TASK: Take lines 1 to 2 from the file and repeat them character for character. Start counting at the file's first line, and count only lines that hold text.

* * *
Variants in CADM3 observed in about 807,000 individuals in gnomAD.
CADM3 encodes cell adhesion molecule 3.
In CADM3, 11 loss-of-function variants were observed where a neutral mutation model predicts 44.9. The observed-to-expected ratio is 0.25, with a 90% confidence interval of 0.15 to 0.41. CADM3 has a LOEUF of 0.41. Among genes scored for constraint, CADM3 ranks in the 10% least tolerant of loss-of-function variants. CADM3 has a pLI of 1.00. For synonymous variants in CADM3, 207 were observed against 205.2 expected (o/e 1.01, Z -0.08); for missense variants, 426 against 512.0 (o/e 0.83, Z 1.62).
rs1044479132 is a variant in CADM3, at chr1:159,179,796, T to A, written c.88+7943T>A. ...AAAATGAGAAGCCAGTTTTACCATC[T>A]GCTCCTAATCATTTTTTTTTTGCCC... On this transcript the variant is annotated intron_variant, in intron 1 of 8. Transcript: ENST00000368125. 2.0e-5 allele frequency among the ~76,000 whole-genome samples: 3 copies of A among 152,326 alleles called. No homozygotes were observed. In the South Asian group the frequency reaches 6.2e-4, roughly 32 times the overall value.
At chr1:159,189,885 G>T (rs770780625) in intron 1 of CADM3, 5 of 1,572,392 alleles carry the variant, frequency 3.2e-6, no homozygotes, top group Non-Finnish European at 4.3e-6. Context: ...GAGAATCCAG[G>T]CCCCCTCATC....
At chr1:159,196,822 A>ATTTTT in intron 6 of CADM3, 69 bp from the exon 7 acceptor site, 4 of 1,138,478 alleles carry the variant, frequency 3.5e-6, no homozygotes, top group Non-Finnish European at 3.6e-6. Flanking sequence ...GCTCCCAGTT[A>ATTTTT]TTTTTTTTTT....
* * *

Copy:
Variants in CADM3 observed in about 807,000 individuals in gnomAD.
CADM3 encodes cell adhesion molecule 3.